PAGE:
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Please use this identifier to cite or link to this item: http://arks.princeton.edu/ark:/88435/dsp01gt54kr15j
Title: A Family Affair: Examining Perceived Parental Stress Levels and Involvement In Their Child’s Education During In-Person, Hybrid, and Remote Learning
Authors: Rafter, Emma
Advisors: Cooper, Joel
Department: Psychology
Class Year: 2021
Abstract: The COVID-19 pandemic permanently altered the educational landscape, forcing most schools to close down and leaving children to attend their classes from a remote environment inside their homes. Parental involvement during young learners’ education is a well-studied educational psychology topic, but the research has yet to fully understand the role that parents play in the different types of learning that children experienced this past year: remote learning, hybrid learning, and in-person learning. Research indicates that perceived parental involvement is higher for parents whose children are home-schooled versus enrolled in traditional schooling, suggesting a difference in parental involvement based on external factors. This paper explores how parents of children aged seven to ten report their own stress levels and involvement in their child’s education. We hypothesized that parents with children in remote learning will exhibit higher levels of perceived parental involvement and perceived stress. To investigate this research question, we administered a self-report survey to parents in which they answered questions about different aspects of their involvement as well as their stress levels in recent weeks. In a sample of Qualtrics participants, we found that parental involvement and stress does not significantly change depending on the type of learning their child is enrolled in. However, there are significant, positive correlations between stress and three parental involvement measures: role construction, home involvement, and child outcomes. Possible explanations for the parental involvement and stress findings between groups of parents and future directions for research are discussed.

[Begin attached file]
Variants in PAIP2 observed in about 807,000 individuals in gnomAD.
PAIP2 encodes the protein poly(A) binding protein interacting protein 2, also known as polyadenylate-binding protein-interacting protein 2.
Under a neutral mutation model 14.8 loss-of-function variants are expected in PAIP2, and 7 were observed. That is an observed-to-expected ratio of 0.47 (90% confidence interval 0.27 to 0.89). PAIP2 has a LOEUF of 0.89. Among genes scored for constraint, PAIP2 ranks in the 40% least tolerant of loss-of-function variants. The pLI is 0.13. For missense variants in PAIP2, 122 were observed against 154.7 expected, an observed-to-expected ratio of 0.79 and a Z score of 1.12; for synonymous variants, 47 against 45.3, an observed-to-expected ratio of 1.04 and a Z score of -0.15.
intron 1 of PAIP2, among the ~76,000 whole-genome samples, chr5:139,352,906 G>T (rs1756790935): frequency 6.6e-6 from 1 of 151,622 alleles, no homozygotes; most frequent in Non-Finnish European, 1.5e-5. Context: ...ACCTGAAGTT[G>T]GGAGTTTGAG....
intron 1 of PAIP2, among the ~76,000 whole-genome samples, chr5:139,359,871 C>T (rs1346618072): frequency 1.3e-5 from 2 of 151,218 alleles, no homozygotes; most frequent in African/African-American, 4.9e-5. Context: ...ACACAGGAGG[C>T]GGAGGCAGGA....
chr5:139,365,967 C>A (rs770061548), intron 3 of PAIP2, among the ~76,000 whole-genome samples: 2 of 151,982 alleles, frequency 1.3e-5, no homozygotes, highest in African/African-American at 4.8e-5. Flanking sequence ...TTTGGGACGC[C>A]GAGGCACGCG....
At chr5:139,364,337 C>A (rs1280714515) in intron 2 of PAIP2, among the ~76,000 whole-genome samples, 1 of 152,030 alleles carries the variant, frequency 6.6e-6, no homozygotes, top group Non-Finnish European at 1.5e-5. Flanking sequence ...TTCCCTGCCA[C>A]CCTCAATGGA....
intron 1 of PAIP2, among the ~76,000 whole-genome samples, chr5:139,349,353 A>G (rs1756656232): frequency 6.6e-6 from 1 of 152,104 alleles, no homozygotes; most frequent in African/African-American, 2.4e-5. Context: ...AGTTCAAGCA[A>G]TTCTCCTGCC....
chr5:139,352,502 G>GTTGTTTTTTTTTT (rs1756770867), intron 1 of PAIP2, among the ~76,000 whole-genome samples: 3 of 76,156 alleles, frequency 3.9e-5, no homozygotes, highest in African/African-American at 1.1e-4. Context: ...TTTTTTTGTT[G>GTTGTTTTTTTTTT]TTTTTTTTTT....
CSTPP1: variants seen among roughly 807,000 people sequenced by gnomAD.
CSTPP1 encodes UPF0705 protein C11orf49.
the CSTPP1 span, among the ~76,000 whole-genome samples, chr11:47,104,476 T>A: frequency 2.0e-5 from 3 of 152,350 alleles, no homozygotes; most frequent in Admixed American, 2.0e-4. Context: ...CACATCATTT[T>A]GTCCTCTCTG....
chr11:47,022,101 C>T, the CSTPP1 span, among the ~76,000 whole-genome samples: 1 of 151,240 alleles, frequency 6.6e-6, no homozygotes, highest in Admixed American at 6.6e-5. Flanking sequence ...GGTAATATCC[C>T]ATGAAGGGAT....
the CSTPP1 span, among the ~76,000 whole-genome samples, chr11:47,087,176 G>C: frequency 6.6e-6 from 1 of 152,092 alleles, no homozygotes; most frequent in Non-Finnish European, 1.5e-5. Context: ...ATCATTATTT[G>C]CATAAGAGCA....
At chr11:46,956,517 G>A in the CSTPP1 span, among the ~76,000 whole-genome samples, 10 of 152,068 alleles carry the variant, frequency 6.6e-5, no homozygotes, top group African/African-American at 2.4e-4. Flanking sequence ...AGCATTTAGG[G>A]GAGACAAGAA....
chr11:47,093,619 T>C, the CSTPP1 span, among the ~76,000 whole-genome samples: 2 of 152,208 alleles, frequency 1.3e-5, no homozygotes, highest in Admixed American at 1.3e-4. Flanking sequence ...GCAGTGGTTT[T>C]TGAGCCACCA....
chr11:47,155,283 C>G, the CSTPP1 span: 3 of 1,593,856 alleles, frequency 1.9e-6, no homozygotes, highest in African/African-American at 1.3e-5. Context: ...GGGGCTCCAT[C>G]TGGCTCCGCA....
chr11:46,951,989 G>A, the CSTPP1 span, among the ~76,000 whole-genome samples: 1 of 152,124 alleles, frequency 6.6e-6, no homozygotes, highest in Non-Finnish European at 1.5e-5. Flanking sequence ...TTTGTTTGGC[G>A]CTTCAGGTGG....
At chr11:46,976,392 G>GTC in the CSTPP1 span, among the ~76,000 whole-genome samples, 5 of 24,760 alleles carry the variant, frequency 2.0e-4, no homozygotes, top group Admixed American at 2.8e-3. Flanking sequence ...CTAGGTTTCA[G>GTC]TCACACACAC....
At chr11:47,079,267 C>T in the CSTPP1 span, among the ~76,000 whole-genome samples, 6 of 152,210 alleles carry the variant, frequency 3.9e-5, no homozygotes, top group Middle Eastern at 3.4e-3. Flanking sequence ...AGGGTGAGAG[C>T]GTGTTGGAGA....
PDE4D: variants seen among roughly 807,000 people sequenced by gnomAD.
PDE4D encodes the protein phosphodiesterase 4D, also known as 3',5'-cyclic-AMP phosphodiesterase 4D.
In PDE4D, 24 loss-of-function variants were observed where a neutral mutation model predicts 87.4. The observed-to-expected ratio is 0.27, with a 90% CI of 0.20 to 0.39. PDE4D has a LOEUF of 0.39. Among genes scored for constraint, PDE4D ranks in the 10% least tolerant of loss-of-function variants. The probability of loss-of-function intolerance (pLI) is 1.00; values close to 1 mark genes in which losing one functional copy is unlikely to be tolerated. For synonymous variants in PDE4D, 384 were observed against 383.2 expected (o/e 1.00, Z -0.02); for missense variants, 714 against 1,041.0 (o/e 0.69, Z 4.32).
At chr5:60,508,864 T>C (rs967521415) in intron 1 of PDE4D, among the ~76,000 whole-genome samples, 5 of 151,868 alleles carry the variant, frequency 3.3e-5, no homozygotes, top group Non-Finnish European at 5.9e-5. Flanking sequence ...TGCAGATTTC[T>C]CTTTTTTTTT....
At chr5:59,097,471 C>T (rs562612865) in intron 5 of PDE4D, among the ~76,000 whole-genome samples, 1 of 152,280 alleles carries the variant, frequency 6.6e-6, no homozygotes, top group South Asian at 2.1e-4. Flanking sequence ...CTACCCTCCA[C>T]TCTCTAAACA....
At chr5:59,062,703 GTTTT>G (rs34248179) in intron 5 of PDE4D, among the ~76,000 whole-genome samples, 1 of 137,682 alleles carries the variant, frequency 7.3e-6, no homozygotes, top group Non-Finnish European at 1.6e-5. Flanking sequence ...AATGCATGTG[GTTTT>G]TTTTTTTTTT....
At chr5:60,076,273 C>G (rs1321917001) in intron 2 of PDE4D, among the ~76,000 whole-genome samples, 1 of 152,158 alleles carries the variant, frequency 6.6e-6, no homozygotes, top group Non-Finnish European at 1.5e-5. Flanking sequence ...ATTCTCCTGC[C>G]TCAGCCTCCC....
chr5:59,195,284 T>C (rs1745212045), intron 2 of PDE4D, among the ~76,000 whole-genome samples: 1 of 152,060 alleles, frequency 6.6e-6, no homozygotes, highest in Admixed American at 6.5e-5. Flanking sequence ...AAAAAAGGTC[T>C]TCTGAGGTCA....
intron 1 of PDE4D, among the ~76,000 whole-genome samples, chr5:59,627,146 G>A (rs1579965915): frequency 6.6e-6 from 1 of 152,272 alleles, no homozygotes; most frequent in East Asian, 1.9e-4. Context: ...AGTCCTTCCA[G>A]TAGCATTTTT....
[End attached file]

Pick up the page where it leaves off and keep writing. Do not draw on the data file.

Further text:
URI: http://arks.princeton.edu/ark:/88435/dsp01gt54kr15j
Type of Material: Princeton University Senior Theses
Language: en
Appears in Collections:Psychology, 1930-2021

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